Hope from Ashes

Nearly every resident of Ashland, Kan., and the surrounding communities was affected by what was called the worst fire in Kansas history — the Starbuck wildfire that raged March 6-8, 2017.

Bolstered by 60 mph winds, the Starbuck fire ultimately spread across ranchland in four states burning 1.6 million acres. It killed 10,000 head of livestock, damaging or destroying 18,000 miles of fencing and more than 150 structures — not to mention millions of dollars of damage to equipment and supplies.

In the Ashland area, it took days to tend to all the injured cattle, humanely euthanizing those that were too severely injured. Aside from the devastation, such a task took an emotional toll on both rancher and veterinarian. 

Randall Spare, president of Ashland Veterinary Center, says one of his biggest callings at the time was to show
support for people in the community. 

“As veterinarians, we understand that in times of tragedy, when we have the relationship with people, we’re able to help more than any sort of emergency organization,” Spare says. “We could call and say, ‘Is there anything we can do to help you?’” 

Such relationships are built on a foundation of loving people, even when the need for help falls outside of an 8-to-5 work schedule. 

“When a rancher calls and he’s got a cow that’s calving or a horse that’s sick, you go help them — even if it’s not convenient,” Spare says. “We do this because we’re concerned about the people. They’re trying to make a living with those animals, and it’s our job to come alongside of them.”  

Like Spare, Bernie Smith, focused on helping people. As a rancher and chief of the Englewood Volunteer Fire Department, which serves Englewood, Kan., and the neighboring communities, he was on the front line fighting the flames even as his own ranch suffered loss.

Looking back, Smith says it was encouraging to see people band together and help each other. Over time, the land also healed. Today, the community is stronger and better prepared for future emergencies.

“People are much more fire aware now. Many have taken out fire insurance on their cattle and have a plan for where they can take their cattle if a fire breaks out,” Smith says. “We have a strong community of people to help run the fire trucks, and we’re figuring out how to grow that as well.” 

A sense of community banding-together was echoed by Kendal Kay, mayor of Ashland and president of the Stockgrowers State Bank. Within a week of the fire, he formed a task force to spearhead each arm of the recovery and manage volunteers that came from nearby. 

“It’s not easy for people in rural America to accept help,” Kay says. “That was a challenge. Volunteers were here, and you’d call rancher, and he’d say, ‘No I’m fine. I don’t need help.’ But in reality they did need help, they just didn’t want it at the time. We finally said, ‘We’re going to send you two people today,’ and what we figured out is that became a breath of fresh air. Those two people were not only there to help roll up wire and clean up the mess, but they were also there to just listen, and that was so valuable.”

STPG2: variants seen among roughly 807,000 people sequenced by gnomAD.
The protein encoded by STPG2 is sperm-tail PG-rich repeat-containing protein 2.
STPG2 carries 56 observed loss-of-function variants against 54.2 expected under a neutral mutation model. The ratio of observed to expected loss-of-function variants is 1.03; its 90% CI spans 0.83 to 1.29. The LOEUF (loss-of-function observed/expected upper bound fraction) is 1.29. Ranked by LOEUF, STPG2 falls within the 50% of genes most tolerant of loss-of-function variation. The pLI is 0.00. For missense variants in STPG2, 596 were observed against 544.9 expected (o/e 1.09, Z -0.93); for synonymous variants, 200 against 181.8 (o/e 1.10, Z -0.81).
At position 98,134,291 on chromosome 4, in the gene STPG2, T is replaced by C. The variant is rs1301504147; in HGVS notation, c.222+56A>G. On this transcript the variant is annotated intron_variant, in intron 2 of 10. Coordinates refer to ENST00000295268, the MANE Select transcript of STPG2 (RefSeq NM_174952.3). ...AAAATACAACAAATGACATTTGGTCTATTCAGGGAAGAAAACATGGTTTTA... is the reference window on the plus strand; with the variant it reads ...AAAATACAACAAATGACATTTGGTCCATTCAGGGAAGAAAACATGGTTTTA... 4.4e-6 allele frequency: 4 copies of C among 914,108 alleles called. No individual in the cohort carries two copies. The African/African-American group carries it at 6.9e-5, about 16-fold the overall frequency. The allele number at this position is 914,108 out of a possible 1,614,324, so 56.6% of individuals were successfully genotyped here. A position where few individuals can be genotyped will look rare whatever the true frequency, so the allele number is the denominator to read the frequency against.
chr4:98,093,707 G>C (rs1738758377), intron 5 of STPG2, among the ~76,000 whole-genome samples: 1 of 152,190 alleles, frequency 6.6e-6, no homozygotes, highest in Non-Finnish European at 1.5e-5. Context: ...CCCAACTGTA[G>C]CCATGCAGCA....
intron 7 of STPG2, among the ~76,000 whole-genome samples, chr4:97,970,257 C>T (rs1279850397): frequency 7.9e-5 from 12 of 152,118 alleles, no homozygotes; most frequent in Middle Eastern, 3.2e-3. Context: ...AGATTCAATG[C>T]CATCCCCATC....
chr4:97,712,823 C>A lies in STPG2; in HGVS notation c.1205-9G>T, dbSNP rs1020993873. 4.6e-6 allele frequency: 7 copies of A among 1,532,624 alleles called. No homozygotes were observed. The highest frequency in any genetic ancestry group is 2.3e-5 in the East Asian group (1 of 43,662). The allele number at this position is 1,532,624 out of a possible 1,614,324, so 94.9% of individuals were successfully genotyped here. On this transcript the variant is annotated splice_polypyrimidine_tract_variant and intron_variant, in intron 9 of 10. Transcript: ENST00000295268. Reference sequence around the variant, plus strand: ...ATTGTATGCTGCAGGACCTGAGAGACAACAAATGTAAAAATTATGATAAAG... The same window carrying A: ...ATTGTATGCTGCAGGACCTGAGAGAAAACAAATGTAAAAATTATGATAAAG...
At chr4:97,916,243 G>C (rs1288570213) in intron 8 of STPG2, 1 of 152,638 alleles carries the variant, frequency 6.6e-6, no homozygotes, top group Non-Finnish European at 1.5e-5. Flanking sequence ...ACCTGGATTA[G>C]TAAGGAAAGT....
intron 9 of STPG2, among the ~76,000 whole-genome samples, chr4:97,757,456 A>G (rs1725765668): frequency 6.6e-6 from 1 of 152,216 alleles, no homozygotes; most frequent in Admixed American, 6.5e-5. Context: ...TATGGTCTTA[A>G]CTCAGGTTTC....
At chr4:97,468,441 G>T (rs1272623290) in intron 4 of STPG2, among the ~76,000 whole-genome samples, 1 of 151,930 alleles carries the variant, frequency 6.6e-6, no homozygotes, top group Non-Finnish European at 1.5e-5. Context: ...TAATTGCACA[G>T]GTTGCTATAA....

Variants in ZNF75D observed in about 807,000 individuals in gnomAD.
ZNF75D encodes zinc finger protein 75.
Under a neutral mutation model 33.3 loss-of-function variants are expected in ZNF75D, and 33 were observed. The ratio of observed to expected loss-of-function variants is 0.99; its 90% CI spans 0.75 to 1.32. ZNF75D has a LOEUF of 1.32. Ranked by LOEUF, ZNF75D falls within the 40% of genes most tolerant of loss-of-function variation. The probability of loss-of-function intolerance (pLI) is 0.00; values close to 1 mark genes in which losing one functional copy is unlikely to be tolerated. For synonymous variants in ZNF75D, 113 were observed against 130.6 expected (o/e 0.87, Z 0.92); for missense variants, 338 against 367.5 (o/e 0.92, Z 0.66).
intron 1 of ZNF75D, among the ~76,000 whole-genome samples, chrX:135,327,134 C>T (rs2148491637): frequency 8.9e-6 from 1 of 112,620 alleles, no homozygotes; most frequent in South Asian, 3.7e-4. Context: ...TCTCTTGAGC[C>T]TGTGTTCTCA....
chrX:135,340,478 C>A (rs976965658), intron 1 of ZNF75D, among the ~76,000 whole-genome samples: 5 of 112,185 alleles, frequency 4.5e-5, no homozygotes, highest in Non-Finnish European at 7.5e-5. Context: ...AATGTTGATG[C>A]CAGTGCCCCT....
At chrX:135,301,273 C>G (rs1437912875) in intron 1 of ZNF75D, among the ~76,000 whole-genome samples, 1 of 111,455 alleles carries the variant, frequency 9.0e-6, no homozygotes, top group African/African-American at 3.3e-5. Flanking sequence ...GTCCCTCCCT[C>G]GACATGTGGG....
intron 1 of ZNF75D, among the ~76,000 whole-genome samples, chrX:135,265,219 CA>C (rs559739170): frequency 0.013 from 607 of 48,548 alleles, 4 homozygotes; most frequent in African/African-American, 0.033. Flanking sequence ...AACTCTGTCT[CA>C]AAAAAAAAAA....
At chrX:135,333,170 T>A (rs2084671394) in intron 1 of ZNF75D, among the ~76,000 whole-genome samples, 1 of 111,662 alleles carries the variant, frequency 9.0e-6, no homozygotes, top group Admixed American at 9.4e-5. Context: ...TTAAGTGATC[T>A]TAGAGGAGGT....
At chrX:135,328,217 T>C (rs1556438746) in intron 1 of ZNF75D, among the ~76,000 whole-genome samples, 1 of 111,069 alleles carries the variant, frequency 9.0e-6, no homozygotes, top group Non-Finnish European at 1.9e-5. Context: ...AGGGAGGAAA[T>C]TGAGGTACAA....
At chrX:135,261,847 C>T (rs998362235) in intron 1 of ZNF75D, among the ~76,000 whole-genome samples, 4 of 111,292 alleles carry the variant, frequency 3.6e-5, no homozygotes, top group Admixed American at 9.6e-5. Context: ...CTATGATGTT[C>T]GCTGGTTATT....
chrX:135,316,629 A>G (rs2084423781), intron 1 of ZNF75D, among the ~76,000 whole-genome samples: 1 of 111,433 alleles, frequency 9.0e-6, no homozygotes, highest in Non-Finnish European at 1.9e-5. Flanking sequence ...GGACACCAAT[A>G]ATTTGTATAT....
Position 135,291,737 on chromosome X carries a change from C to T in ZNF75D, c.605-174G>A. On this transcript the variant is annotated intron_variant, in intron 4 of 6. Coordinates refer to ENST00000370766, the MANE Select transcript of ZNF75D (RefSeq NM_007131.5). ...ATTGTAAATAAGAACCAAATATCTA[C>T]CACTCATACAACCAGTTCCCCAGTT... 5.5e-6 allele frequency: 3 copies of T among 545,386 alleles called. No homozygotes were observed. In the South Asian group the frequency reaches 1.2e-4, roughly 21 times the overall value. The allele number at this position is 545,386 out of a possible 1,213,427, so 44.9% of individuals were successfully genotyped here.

Since the fire, Spare says he is more aware of the need to strengthen rural communities. For him, that includes taking time to mentor young people. Today, he talks with every kid he meets about the opportunities for veterinary medicine in their communities. 

“We’ve got to find young people that want to serve rural America and be willing to put rural America’s interests ahead of their own. Young people who are curious and want to solve production medicine challenges to help producers provide a safe product, whether it be chicken, pork or beef. And there’s tremendous opportunity out there to add value [through veterinary care.]”

Spare notes veterinarians are humble and tend to sell themselves short in thinking of their service and value to the community, but they are tremendously important as a value-added entity. 

“Right now, we have five veterinarians, and our payroll is sizeable, but someone reminded me, ‘Look, Randall, what you do for our community of Ashland.’ We make our communities more viable,” he says. 

Another vital lesson Spare learned was about delegation. About five days after the fire, Spare was on the phone for hours, coordinating veterinary care and donations. Someone stopped him, however, and pointed out the pace at which he was working wasn’t going to be sustainable in the long run. 

“We may be the leaders, but we can’t do it all,” he says. “Our community came alongside. Even people who didn’t own an acre, or didn’t own crops, they came together to help organize the
recovery effort. You can’t be afraid to ask for help.”

From a coordination standpoint, Kay had a quick idea to create a flier that detailed in succinct bullet points how people could help and where to go to donate. It was easy to distribute, and that, paired with the task force, are elements that they keep in their toolbox for future emergency situations. 

And just like the strength of the people, the grass has risen from the ashes. It was dry just following the fire, but the grass has come back greener and gets a little better each year, Kay says.

Inspired by the helping hand they received, Smith and a few other community members started the “Ashes to Ashes Convoy,” which collects hay and monetary donations for areas affected by fire and trucks it out to those communities, just as hay was donated to them following the Starbuck fire. 

“It’s just a bunch of local people — firemen, farmers, ranchers and truck drivers; when something comes up, we blow the horn and they come and help,” Smith says. “We really enjoy going and helping those people, and they really are appreciative of it. It’s our way of paying back all the help we got.”


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